Risky Business of Patent Reform
Gaffney, Frank, Jr., The Washington Times (Washington, DC)
Today the Senate Judiciary Committee is expected to act hastily on legislation eagerly sought by its chairman, Sen. Orrin Hatch. The sponsor's strategy for moving S. 507 - which has the benign-sounding title of "The Patent Improvement Act" - has seemingly drawn on the classic stealth tactics of a submarine captain: Run silent, run deep.
The effect of having this legislation surface for committee mark-up with negligible advance notice and with minimal opportunity for deliberation and debate is to maximize the chances of Senate approval of a legislative initiative that probably would not otherwise pass muster. That would be a serious mistake - for American economic competitiveness and for U.S. national security.
Indeed, this benign-sounding bill could have very adverse implications for innovative Americans whose constitutionally-mandated patent rights may be seriously infringed by such an effort to "streamline" the patent process. Particularly distressing is the fact that S. 507 would require the publication of patent applications 18 months after filing - irrespective of whether a patent has been issued.
This would have the effect of denying U.S. inventors protection against large multinationals or foreign-owned enterprises with a demonstrated interest in stealing America's technological seed-corn. In "War by Other Means," a recently published study of economic espionage and other unfair techniques, foreign governments and companies are using to undermine U.S. competitiveness, President Clinton's chief economist, Laura D'Andrea Tyson, is quoted estimating the U.S. lost $105 billion in potential sales from 1985-1989 due to patent theft by the Japanese.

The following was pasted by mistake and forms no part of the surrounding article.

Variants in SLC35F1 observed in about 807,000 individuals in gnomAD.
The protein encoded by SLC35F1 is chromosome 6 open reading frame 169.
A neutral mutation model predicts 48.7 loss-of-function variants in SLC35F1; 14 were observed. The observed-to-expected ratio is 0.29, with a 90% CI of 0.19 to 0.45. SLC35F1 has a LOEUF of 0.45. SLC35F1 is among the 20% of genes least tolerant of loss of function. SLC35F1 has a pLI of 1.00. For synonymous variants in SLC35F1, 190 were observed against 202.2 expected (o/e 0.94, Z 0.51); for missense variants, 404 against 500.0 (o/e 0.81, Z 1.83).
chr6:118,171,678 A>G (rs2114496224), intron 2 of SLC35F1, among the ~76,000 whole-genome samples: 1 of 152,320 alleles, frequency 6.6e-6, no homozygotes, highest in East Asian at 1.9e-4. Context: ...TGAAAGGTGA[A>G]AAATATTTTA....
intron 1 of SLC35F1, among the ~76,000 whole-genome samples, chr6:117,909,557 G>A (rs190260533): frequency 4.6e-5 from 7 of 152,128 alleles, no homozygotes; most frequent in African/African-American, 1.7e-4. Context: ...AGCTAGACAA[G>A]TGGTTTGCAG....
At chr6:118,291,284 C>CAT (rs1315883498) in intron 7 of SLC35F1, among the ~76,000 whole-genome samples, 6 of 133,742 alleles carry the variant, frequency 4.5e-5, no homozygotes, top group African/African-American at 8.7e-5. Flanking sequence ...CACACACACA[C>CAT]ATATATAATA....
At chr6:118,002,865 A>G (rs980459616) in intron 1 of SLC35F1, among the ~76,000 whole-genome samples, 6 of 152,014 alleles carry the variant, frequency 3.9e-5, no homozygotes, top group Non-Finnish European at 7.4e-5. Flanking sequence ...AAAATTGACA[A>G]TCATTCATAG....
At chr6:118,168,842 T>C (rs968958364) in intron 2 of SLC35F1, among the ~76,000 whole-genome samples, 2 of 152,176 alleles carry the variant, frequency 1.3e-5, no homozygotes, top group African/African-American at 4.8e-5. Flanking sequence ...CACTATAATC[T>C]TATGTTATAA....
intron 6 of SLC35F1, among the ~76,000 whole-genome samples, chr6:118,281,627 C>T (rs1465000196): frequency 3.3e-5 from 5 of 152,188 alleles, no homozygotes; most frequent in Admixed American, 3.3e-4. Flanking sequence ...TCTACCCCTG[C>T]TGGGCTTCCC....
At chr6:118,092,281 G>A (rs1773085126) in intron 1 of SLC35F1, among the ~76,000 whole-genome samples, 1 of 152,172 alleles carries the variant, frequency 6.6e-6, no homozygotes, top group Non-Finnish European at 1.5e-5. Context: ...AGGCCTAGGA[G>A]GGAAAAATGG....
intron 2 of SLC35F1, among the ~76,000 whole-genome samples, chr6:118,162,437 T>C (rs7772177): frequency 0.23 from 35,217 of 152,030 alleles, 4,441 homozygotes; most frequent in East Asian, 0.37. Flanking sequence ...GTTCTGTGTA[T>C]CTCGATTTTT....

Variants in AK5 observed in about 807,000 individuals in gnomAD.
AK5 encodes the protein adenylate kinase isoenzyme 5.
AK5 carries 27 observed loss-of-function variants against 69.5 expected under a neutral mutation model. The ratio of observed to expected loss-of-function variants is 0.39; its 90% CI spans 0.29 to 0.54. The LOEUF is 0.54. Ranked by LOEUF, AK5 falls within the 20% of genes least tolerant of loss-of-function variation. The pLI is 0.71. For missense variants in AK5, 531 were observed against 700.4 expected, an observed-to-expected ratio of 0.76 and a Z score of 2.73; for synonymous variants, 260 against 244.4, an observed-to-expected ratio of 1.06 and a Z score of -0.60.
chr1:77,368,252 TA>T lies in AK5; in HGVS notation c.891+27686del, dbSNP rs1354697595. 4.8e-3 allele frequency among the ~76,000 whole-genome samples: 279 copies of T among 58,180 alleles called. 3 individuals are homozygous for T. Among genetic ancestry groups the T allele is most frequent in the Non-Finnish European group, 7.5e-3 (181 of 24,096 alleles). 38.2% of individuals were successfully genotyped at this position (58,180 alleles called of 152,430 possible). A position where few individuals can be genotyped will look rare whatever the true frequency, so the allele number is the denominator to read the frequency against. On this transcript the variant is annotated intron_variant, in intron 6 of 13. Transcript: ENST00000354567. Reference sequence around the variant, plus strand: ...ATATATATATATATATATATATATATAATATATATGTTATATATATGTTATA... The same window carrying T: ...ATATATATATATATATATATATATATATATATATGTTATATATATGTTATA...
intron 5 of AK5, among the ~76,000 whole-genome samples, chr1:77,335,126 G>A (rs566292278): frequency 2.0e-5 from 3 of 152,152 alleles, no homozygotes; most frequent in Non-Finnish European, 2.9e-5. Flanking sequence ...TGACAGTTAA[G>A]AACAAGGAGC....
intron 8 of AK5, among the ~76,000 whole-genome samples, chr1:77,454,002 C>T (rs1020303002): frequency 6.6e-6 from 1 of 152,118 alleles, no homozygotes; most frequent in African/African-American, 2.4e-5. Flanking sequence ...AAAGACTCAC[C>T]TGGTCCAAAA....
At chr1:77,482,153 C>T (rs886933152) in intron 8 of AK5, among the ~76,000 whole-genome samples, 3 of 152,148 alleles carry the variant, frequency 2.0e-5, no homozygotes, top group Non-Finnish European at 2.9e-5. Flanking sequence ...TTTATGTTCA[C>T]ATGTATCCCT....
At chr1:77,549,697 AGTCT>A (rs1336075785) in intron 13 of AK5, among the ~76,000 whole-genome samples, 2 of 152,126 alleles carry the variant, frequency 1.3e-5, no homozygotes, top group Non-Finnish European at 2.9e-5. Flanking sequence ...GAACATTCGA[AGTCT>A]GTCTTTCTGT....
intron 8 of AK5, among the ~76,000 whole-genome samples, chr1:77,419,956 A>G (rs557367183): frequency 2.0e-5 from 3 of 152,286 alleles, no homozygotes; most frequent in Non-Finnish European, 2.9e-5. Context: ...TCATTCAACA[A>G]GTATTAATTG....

Of particular concern is the prospect that such expedited publication of patent applications - entailing the disclosure of sufficiently detailed information to produce working models - will not only make wholesale patent infringement likely. It would also increase the chances that technology with considerable potential in the national security field may be released before that potential is properly evaluated and protected by patent secrecy orders.
Such objections caused several of the House version of S. 507's most controversial provisions to be eliminated when it was considered two weeks ago. Specifically, an amendment offered by Ohio Democrat Rep. Marcy Kaptur exempted individual investors, small businesses and universities from the requirement to publish patent applications within 18 months of filing. It also deleted a provision that would have greatly expanded the opportunities for "re-examination" of existing patents - an invitation to foreign and multinational corporations endlessly to challenge patents that already have been awarded. The latter feature, which remains in S. 507, would mean small businesses and individual investors would produce an enormous number of the nation's technological breakthroughs, could be blackmailed by the threat of such assaults on their patents, and the associated legal costs, unless the patents are shared.
Unfortunately, if Mr. Hatch's strategy succeeds, S. 507 will retain both the troubling provisions struck by the Kaptur amendment and those that remain in the House bill. A particularly insidious example of the latter is language granting "prior user rights. …